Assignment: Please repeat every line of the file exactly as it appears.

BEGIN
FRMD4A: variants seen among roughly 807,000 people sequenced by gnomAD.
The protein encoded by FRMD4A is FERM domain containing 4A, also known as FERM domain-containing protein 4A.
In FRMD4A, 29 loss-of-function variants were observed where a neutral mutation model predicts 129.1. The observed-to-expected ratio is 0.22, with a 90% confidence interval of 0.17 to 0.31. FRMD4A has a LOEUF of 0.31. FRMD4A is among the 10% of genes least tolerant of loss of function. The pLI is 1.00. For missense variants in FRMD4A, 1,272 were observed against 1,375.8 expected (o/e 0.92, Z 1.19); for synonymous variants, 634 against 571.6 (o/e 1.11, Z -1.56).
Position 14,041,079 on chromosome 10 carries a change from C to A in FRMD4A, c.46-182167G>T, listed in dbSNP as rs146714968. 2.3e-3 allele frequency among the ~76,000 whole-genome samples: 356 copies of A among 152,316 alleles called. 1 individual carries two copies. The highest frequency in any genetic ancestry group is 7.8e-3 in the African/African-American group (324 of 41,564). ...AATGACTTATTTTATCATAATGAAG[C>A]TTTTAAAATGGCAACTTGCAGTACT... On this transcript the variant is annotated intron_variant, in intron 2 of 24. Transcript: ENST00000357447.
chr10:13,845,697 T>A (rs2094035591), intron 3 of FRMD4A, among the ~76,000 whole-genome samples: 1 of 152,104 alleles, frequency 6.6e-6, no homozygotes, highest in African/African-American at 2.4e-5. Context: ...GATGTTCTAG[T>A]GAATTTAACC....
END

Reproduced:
FRMD4A: variants seen among roughly 807,000 people sequenced by gnomAD.
The protein encoded by FRMD4A is FERM domain containing 4A, also known as FERM domain-containing protein 4A.
In FRMD4A, 29 loss-of-function variants were observed where a neutral mutation model predicts 129.1. The observed-to-expected ratio is 0.22, with a 90% confidence interval of 0.17 to 0.31. FRMD4A has a LOEUF of 0.31. FRMD4A is among the 10% of genes least tolerant of loss of function. The pLI is 1.00. For missense variants in FRMD4A, 1,272 were observed against 1,375.8 expected (o/e 0.92, Z 1.19); for synonymous variants, 634 against 571.6 (o/e 1.11, Z -1.56).
Position 14,041,079 on chromosome 10 carries a change from C to A in FRMD4A, c.46-182167G>T, listed in dbSNP as rs146714968. 2.3e-3 allele frequency among the ~76,000 whole-genome samples: 356 copies of A among 152,316 alleles called. 1 individual carries two copies. The highest frequency in any genetic ancestry group is 7.8e-3 in the African/African-American group (324 of 41,564). ...AATGACTTATTTTATCATAATGAAG[C>A]TTTTAAAATGGCAACTTGCAGTACT... On this transcript the variant is annotated intron_variant, in intron 2 of 24. Transcript: ENST00000357447.
chr10:13,845,697 T>A (rs2094035591), intron 3 of FRMD4A, among the ~76,000 whole-genome samples: 1 of 152,104 alleles, frequency 6.6e-6, no homozygotes, highest in African/African-American at 2.4e-5. Context: ...GATGTTCTAG[T>A]GAATTTAACC....